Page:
The New York City subway resumed 24-hour service Monday after more than a year of overnight shutdowns to give workers more time to clean and disinfect trains. It’s a huge step in the city’s return to pre-pandemic normalcy. Subway ridership is picking up, but it’s still only about 35% of what it once was. Overall ridership is similar in other transit-dependent cities like Chicago and San Francisco.
What will transit systems need to do to lure riders back?
Studies haven’t linked COVID-19 outbreaks to public transit. But the thing that defines subways and buses — crowds in tight spaces — means one of the biggest hurdles in regaining ridership is public perception.
Jenna Fortunati at advocacy group Transportation for America said transit systems should continue concentrating on regular cleaning and masks.
“You know, walk around the transit system, and they pass out masks and just make it feel so welcoming and safe,” she said.
The Centers for Disease Control and Prevention says everyone should still wear masks on public transit.
The other piece of safety riders are worried about is crime. New York City announced it’s adding 250 extra police officers to patrol the system. Sarah Kaufman at New York University’s Rudin Center for Transportation said there’s also safety in numbers — ridership numbers.
“Once large crowds return to the subway, I think we’ll see less crime because there’ll be less opportunity,” Kaufman said.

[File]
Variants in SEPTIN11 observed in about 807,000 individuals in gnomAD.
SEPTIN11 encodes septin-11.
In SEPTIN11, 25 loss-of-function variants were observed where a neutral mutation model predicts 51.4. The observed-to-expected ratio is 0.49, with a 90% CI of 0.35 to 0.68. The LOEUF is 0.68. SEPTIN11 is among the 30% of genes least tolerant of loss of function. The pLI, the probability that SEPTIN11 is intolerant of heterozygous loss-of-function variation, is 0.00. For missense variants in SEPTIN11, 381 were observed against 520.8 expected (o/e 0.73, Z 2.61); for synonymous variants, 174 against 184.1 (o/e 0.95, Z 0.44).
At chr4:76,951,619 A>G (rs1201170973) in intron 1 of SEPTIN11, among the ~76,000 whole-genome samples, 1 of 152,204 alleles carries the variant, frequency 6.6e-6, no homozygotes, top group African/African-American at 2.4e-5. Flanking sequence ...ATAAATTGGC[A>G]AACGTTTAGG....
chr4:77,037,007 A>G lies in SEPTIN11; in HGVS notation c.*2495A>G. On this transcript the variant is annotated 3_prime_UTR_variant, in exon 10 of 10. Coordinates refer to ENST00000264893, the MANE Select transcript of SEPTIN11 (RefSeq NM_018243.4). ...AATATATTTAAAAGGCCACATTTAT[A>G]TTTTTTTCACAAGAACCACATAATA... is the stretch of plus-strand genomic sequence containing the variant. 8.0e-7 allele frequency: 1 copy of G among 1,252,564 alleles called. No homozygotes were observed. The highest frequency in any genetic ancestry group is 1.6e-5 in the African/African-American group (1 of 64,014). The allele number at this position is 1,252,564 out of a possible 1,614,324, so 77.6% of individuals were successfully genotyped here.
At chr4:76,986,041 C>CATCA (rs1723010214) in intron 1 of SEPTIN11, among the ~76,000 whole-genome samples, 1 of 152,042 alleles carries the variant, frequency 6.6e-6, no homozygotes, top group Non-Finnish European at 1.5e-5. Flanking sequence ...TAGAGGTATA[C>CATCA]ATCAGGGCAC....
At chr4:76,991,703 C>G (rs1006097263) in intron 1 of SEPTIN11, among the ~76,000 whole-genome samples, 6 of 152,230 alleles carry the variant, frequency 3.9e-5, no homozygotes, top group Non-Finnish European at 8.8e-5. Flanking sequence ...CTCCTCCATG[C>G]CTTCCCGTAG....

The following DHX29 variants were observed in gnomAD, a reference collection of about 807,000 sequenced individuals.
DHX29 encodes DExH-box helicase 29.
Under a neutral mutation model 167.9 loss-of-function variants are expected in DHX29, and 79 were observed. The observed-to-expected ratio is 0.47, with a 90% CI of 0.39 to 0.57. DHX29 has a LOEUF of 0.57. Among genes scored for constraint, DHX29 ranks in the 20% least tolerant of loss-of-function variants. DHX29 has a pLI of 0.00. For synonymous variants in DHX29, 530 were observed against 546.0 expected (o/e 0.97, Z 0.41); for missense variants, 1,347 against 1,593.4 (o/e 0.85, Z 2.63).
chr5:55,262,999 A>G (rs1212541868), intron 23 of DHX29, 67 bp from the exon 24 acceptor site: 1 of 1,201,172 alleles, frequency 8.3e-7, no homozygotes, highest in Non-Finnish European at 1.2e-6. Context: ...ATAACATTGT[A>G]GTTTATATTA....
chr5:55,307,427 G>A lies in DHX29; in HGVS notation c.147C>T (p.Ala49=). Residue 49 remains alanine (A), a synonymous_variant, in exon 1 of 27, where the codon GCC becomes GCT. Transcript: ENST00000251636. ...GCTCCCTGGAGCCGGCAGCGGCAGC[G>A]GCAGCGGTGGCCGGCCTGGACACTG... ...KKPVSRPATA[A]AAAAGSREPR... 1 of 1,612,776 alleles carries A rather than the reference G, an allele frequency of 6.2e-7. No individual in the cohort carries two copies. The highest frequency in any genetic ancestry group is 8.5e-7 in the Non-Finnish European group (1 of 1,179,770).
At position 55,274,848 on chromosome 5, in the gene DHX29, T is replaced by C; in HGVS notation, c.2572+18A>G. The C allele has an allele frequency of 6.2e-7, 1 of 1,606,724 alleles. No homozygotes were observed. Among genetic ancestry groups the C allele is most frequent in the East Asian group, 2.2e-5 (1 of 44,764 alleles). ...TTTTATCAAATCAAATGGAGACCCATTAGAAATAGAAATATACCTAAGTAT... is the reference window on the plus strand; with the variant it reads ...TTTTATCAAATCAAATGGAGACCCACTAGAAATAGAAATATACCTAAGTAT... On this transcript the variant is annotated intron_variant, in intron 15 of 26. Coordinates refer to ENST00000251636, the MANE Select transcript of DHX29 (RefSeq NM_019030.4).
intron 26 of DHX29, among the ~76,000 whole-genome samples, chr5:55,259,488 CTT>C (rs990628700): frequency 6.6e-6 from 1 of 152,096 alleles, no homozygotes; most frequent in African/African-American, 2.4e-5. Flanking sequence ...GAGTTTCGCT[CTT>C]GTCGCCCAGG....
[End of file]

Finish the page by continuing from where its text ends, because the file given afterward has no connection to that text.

Of course, ridership is also down because many office workers are still at home. And people who can afford it have been driving or using ride-hailing apps.
Ben Fried at research group TransitCenter said systems need to run reliably to bring riders back.
“If they’re out of the COVID mindset and they’re ready to get back on transit, but then the bus they’re waiting for doesn’t come, they’re going to give up pretty soon.”
Mass transit should have the money to hang on through the end of the year. The last stimulus package allocated $30 billion to public transportation networks. And they’ll need that money to recruit. An aging workforce, pandemic layoffs and COVID-related deaths and illnesses have left a lot of transit systems short staffed.
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